Baran (4:27-6:16): Yeah, because actually I was a human rights lawyer and activist in Turkish Kurdistan, North Kurdistan, we say, we call it. My point to become and exile, I was tried, I went to trial in Turkish courts and I was accused of being a member of a terrorist organization, which is a very cheap and useful tool for all authoritarian government, to label as terrorists their opponents. So, I was a human rights lawyer, I was defending my clients – politicians, ordinary people, people who were chanting in demonstrations, civil and peaceful demonstrations – because of all these things I was accused of being a member of a terrorist organization, like so many people. Most of the Kurdish people who are very active. Not even active – if you join a demonstration, you could be, like, shot your video or a photo, and while you are chanting against government policy in a very peaceful protest, you could be charged as a member of a terrorist organization.
Victoria Brittain (6:17-6:22): What kind of sentence did you fear that you could receive?
Baran (6:23-7:17): Actually, I was arrested in Turkey, I spent almost two years in jail, and after I was released on bail, at the same time my case was going on, at the end of the day they sentenced me to eight years and nine months in prison. So, I had to leave, I appealed first to the high court, but the high court refused my application. So, I had two choices: either I leave the country, or I was going to jail.
Victoria Brittain (7:18-7:20): And how did you manage to leave the country?
Baran (7:21-8:31): Actually, I left the country by legal ways. I got a visa to the UK. I had my passport. The process was, the legal process was different from here because the trials could be long, very, very long. Could take a very, very long time. First, when I was arrested it was 2006 and the last decision the higher court made it was 2013, end of 2013. It takes like seven years. So, I was released, I was on bail, but I could move freely, so there wasn’t any sanction, any restrictions on me. So, I had my passport and applied for a visa to the UK embassy in Turkey and I came to London.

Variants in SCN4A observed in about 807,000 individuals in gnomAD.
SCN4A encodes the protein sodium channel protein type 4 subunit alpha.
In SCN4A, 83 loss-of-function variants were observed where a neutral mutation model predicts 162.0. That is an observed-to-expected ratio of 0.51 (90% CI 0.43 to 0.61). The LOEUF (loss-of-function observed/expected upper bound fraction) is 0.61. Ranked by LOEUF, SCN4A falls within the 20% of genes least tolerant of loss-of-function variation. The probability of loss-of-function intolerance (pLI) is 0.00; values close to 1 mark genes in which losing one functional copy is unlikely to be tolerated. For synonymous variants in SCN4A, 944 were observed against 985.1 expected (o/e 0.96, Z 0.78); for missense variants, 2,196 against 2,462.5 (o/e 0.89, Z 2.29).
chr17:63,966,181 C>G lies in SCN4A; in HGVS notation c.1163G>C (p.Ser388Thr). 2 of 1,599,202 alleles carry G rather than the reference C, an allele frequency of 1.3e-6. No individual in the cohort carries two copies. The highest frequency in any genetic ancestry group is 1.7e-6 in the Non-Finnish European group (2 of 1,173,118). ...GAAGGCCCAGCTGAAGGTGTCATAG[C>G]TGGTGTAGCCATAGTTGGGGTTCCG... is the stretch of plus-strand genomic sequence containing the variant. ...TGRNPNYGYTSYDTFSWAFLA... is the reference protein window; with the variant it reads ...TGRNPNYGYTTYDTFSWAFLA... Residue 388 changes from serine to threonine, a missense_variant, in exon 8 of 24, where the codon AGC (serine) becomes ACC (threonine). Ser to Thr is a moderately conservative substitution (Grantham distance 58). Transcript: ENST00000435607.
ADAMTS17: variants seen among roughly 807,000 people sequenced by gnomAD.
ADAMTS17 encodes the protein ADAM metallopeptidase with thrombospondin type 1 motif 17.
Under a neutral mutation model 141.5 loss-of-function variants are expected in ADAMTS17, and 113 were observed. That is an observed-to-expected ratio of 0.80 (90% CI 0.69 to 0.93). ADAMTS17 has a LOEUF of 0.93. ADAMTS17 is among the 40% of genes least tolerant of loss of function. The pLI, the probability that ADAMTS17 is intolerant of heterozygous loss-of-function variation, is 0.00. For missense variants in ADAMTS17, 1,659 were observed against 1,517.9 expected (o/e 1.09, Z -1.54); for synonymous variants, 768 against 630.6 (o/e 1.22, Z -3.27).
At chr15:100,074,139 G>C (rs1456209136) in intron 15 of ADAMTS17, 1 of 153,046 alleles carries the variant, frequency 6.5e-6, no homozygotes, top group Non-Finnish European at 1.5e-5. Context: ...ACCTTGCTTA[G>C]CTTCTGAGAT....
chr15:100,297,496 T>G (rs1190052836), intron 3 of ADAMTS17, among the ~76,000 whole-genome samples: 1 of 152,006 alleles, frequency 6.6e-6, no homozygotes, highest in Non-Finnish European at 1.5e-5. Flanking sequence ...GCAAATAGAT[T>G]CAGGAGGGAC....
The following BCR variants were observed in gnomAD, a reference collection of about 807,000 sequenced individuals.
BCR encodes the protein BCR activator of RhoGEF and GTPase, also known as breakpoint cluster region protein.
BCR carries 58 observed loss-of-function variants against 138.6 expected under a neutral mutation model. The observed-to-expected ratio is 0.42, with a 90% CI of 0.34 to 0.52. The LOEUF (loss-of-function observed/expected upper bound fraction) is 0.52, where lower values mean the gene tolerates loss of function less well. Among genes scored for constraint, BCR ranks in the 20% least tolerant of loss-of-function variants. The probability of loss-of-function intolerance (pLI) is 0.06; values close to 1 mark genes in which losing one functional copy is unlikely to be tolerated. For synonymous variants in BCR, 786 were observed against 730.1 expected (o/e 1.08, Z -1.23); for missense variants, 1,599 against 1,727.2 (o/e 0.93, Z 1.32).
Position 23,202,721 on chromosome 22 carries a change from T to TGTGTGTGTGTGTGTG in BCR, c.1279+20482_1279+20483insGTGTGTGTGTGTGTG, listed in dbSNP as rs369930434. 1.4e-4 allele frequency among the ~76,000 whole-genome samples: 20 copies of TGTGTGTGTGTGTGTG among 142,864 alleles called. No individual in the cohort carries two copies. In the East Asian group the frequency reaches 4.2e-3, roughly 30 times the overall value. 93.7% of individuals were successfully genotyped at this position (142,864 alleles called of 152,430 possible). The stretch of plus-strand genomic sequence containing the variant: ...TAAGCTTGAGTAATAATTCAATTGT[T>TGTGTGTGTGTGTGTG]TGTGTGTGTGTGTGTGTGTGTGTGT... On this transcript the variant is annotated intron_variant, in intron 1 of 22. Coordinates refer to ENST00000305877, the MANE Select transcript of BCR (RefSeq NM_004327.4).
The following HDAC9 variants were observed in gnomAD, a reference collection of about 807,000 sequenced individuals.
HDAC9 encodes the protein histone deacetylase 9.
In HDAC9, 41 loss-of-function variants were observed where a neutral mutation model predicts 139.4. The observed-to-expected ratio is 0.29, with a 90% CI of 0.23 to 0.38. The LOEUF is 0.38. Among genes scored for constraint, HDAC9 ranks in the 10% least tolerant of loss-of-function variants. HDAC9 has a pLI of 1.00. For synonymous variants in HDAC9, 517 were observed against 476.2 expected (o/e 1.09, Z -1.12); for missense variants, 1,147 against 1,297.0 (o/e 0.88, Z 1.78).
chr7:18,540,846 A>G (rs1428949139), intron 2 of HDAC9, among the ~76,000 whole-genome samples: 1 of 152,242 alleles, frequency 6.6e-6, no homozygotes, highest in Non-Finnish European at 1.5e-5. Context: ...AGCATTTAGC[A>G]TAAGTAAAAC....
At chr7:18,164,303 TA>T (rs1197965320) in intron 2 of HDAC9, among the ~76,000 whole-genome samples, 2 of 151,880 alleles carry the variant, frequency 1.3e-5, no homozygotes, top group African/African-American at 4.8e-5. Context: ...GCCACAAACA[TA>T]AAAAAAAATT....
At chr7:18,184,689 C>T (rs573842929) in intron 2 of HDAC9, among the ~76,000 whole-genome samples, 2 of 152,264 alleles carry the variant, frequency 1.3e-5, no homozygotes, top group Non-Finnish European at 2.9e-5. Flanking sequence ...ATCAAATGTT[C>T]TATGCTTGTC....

Victoria Brittain (8:32-8:35): When you got here, did you speak English?
Baran (8:36-8:51): Not really. My English was very, very basic – on a very, very basic level. I couldn’t express myself easily, but I tried hard, I studied hard to learn English.
Victoria Brittain (8:52-9:19): How did it feel for you, from one minute you were a well-known human rights lawyer surrounded by a context both social and family that was your life, and then you arrived in Britain and you had great difficulty with the language, you didn’t have a social network of any sort, how did you manage to get started?
Baran (9:20-10:46): I think it was hope. Difficulties you have experienced in your previous life makes you stronger because, as I said, you have two choices: one way where you can set up a new life, the other way takes you, probably, nowhere. So, between these two choices you have to be strong and make the rights decision. You have to push yourself with your hopes, as well. This hope is like, ‘one day I’m going to make my home country, I’m going to make my family, my town…’ At least, while I was here, while I was in another place, take all the advantages of being in that place. Improve yourself, improve your language, improve your knowledge, improve your personality, and when you go back to your original country, your original place, at least you will say: ‘Ok, I have suffered a lot but at least it was worth it.’